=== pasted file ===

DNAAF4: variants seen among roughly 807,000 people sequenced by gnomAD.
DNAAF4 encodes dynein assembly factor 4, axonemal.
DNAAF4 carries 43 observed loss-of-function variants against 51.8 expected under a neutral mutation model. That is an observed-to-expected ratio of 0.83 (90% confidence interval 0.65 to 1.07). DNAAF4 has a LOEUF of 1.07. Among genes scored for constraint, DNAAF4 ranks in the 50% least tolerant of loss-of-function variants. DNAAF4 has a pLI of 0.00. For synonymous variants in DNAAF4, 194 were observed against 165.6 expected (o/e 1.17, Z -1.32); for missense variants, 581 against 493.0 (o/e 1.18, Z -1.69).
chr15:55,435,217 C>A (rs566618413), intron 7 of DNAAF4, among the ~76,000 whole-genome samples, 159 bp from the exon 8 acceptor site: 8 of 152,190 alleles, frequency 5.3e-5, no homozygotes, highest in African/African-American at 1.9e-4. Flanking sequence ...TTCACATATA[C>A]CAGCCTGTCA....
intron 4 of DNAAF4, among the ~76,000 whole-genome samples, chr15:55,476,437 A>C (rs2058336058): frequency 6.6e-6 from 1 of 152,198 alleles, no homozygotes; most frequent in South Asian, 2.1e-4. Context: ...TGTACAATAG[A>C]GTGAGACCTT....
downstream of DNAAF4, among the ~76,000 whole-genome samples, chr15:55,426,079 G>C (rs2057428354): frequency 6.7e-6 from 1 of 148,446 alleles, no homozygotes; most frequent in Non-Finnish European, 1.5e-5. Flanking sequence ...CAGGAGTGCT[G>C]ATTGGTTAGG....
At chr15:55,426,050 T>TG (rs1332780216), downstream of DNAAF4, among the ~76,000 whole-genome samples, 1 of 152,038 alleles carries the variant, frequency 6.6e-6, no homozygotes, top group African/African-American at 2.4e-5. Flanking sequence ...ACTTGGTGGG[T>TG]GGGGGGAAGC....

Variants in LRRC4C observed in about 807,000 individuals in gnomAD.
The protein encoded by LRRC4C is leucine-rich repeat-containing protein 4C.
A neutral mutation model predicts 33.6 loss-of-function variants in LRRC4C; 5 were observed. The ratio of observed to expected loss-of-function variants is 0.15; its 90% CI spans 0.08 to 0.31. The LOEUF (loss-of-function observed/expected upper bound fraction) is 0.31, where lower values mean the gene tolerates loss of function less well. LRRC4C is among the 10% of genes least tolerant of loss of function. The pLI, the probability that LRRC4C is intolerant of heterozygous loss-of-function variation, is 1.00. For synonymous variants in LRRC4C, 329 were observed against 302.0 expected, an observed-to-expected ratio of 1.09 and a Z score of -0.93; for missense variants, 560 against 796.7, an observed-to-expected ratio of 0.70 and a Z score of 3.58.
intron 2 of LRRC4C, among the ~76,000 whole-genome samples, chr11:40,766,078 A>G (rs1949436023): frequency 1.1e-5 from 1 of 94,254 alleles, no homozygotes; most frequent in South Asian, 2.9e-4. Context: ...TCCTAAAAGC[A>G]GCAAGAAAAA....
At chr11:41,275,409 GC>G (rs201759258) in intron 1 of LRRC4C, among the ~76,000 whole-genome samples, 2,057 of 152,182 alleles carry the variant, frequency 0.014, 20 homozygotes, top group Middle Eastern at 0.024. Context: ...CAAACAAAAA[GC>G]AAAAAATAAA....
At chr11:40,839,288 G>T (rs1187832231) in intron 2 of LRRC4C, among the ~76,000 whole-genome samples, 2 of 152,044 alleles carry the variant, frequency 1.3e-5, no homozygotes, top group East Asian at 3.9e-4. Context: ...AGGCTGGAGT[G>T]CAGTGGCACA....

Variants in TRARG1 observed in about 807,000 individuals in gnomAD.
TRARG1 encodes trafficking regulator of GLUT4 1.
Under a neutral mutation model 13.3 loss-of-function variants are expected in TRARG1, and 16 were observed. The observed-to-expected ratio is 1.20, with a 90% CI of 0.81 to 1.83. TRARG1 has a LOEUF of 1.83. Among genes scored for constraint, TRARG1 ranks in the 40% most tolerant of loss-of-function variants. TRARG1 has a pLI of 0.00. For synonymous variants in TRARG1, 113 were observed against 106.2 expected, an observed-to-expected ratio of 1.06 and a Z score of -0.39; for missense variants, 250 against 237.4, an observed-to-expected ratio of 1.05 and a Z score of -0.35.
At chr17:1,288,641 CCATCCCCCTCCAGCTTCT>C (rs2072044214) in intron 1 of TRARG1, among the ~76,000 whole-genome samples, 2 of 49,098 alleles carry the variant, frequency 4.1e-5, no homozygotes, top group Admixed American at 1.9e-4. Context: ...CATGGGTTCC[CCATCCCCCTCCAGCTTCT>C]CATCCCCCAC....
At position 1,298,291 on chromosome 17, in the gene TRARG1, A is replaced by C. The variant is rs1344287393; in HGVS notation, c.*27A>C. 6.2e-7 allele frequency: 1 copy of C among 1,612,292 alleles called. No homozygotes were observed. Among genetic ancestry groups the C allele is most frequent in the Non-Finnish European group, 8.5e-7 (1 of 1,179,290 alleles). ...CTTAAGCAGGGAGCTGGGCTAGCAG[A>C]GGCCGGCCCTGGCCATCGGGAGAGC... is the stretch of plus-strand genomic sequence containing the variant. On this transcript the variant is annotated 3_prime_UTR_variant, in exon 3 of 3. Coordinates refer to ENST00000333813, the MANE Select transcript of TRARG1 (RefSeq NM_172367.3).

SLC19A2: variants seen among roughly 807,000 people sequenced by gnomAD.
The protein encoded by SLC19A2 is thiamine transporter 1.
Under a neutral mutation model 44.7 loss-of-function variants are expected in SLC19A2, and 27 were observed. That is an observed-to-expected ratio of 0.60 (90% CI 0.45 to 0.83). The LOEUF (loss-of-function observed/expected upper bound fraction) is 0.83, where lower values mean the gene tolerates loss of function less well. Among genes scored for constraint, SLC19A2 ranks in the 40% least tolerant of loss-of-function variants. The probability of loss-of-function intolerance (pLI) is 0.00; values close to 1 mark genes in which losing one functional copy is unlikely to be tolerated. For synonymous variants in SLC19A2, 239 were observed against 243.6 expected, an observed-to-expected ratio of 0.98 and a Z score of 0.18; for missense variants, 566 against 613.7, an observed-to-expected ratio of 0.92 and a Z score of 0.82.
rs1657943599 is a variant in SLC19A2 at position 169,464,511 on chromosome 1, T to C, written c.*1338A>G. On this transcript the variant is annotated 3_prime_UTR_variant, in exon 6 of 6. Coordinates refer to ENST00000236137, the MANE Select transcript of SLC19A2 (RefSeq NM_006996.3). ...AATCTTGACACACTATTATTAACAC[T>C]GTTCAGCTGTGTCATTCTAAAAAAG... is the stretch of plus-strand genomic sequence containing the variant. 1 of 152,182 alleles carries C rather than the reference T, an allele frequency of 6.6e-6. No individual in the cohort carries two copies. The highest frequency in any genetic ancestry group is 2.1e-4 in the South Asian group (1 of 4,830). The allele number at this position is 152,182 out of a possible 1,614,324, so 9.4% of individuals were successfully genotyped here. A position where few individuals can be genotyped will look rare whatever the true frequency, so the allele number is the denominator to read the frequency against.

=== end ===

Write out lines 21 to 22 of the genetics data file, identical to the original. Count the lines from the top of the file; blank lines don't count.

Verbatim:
Under a neutral mutation model 44.7 loss-of-function variants are expected in SLC19A2, and 27 were observed. That is an observed-to-expected ratio of 0.60 (90% CI 0.45 to 0.83). The LOEUF (loss-of-function observed/expected upper bound fraction) is 0.83, where lower values mean the gene tolerates loss of function less well. Among genes scored for constraint, SLC19A2 ranks in the 40% least tolerant of loss-of-function variants. The probability of loss-of-function intolerance (pLI) is 0.00; values close to 1 mark genes in which losing one functional copy is unlikely to be tolerated. For synonymous variants in SLC19A2, 239 were observed against 243.6 expected, an observed-to-expected ratio of 0.98 and a Z score of 0.18; for missense variants, 566 against 613.7, an observed-to-expected ratio of 0.92 and a Z score of 0.82.
rs1657943599 is a variant in SLC19A2 at position 169,464,511 on chromosome 1, T to C, written c.*1338A>G. On this transcript the variant is annotated 3_prime_UTR_variant, in exon 6 of 6. Coordinates refer to ENST00000236137, the MANE Select transcript of SLC19A2 (RefSeq NM_006996.3). ...AATCTTGACACACTATTATTAACAC[T>C]GTTCAGCTGTGTCATTCTAAAAAAG... is the stretch of plus-strand genomic sequence containing the variant. 1 of 152,182 alleles carries C rather than the reference T, an allele frequency of 6.6e-6. No individual in the cohort carries two copies. The highest frequency in any genetic ancestry group is 2.1e-4 in the South Asian group (1 of 4,830). The allele number at this position is 152,182 out of a possible 1,614,324, so 9.4% of individuals were successfully genotyped here. A position where few individuals can be genotyped will look rare whatever the true frequency, so the allele number is the denominator to read the frequency against.